“Hey Girl!” -- the talk of the Avignon Festival in 2007 – opens the Taipei Arts Festival now on its 12th year. The Taipei crowd, in fact, is being treated to a cutting-edge and hallucinatory experience made possible by Italian director Castellucci’s remarkably rich artistic vision.

Stopped by the red traffic light one day, Castellucci found himself overwhelmed by the sight of blooming Italian girls aged 16 to 18 walking by and he went on to use this inspiring encounter to create a successful production in celebration of women immortalized in history and literature because of their great love, courage and power, said Victoria Wen-yi Wang, executive director of the Taipei Arts Festival for the third consecutive year.

The 4D theater of Castellucci’s making visually excites no end starting with the opening scene which depicts the birth of a woman, according to Wang. A female form breaks free from a resin layer and dramatically steps out to face life. She next emerges in t-shirt and denim. The image of Chanel No. 5 perfume announces her maturity.

In seeking to dedicate his production to the future of the adolescent girls who stopped him in his track, Castellucci resurrected three easily recognizable figures. Juliet from Shakespeare’s love tragedy “Romeo and Juliet,” Joan of Arc known as famous maiden from New Orleans and Queen Elizabeth who guided England to dominate the world as a maritime power all help tell the lifetime story of a woman and ultimately the tale of humanity, explained Wang. The crucifix appears as a symbol of Christianity and sacrifice. The sword suggests courage.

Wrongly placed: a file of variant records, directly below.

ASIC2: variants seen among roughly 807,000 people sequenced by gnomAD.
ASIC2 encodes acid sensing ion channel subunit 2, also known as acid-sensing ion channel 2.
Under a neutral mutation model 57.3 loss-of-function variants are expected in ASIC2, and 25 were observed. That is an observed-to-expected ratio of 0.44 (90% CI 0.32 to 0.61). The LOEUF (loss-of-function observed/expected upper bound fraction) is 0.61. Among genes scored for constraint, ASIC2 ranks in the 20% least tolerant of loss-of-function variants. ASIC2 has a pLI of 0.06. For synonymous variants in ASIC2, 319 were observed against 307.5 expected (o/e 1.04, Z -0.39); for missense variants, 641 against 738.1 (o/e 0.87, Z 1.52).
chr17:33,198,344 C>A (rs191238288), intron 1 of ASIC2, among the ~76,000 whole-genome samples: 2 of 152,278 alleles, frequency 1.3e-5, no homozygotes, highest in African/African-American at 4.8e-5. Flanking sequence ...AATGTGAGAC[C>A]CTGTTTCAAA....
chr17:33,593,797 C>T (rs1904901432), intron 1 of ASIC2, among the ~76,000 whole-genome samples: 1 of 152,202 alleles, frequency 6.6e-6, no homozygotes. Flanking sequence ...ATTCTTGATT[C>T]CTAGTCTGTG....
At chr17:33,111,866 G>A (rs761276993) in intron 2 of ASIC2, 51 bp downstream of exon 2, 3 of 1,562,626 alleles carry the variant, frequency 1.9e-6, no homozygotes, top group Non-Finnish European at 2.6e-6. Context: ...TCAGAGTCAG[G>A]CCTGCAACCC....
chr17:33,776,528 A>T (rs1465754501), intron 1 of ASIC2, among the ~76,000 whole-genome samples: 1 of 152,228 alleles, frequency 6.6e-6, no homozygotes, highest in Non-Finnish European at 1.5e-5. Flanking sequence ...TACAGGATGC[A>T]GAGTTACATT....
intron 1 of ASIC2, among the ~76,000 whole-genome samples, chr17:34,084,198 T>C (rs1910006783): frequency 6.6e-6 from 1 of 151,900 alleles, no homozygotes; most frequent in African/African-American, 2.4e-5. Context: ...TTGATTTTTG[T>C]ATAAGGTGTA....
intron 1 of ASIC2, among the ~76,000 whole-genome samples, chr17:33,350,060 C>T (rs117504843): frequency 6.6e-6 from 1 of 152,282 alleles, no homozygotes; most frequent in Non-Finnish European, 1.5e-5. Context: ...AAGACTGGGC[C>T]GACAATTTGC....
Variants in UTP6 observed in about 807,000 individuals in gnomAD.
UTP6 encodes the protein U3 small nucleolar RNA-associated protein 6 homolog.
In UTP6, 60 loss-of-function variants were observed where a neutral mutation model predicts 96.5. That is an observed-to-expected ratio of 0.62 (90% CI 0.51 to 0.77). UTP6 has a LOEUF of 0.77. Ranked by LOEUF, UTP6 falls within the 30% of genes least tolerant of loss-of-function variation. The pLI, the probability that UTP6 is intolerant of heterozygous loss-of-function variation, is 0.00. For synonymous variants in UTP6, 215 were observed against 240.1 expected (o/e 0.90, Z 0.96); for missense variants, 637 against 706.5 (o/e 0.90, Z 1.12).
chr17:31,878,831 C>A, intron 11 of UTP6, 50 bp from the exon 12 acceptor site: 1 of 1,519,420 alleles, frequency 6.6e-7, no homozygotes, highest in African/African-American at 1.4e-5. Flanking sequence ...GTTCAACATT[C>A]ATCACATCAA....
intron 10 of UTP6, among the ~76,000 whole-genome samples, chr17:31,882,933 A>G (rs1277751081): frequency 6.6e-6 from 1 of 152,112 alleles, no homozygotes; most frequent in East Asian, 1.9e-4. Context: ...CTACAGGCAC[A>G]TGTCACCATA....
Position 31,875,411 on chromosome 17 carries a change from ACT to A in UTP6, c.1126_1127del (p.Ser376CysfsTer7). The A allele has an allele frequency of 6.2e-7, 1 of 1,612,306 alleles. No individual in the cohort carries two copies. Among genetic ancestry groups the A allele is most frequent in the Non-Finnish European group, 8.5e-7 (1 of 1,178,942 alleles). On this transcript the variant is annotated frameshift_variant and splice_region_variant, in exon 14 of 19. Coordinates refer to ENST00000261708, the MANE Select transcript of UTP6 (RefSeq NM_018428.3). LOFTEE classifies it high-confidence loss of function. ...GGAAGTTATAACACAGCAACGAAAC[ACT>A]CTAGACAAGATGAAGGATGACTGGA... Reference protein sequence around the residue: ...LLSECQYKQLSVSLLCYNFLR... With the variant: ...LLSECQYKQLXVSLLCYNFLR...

Forty male performers recruited locally serve as a reminder that men still dominate society.

“Hey Girl!” is a 75-minute production being staged at 7:45 p.m. from August 5 to 8 at the Taipei Brewery at 85 Bade Road, Sec. 2, in Taipei. Matinee shows on August 7 and 8 start at 2:45 p.m.

Castellucci is also showing his installation art inspired by the philosophy of Emmanuel Kant from August 3 to 29 at the Central Hall 6 at the Huashan 1914 Creative Park. Admission is free.

The artist reflects on the question: “What is going to happen to nature and what is going to happen to human beings if people stop thinking?” Visitors enter a dark room and see through a crack on the wall a forest behind the house.

Are you ready for a marathon performance lasting eight and a half hours, including breaks and intermissions? Robert Lepage’s “Lipsynch” will have nine actors reprise over 10 roles and bring to life a total of nine stories over a 70-year period. English, German, French and Spanish languages are used in this evolving production. Voices, whether it be jazz singing, radio broadcasting, taping, or lipsynching, get introduced as scene after scene unfolds in the exploration of sound by the director from Quebec.

“Lipsynch” will be staged in its entirety starting at 1 p.m. on August 21, 22 and 28 at the Metropolitan Hall in Taipei. Part 1 will be presented at 7:45 p.m. on August 24, Part 2 at 7: 45 p.m. on August 25 and Part 3 at 7:45 p.m. on August 26.

Meanwhile German director and composer Heiner Goebbels proposes to combine music, theater and installation art to create a theatrical experience without actors. In fact, “Stifters Dinge” is described as “a composition written for pianos without pianists.” It is also “a performance without performers.” Pianos play by themselves. A song by a Papua New Guinea aborigine will be heard.

This intermission-free 70-minute program with English handouts and French subtitles will be shown at the Taipei Brewery where seats are limited to 200 at 7:45 p.m. on August 11 to 14. There will be matinee performances at 4:45 p.m. on August 12 and 13 as well as at 2:45 p.m. on August 14 and 15.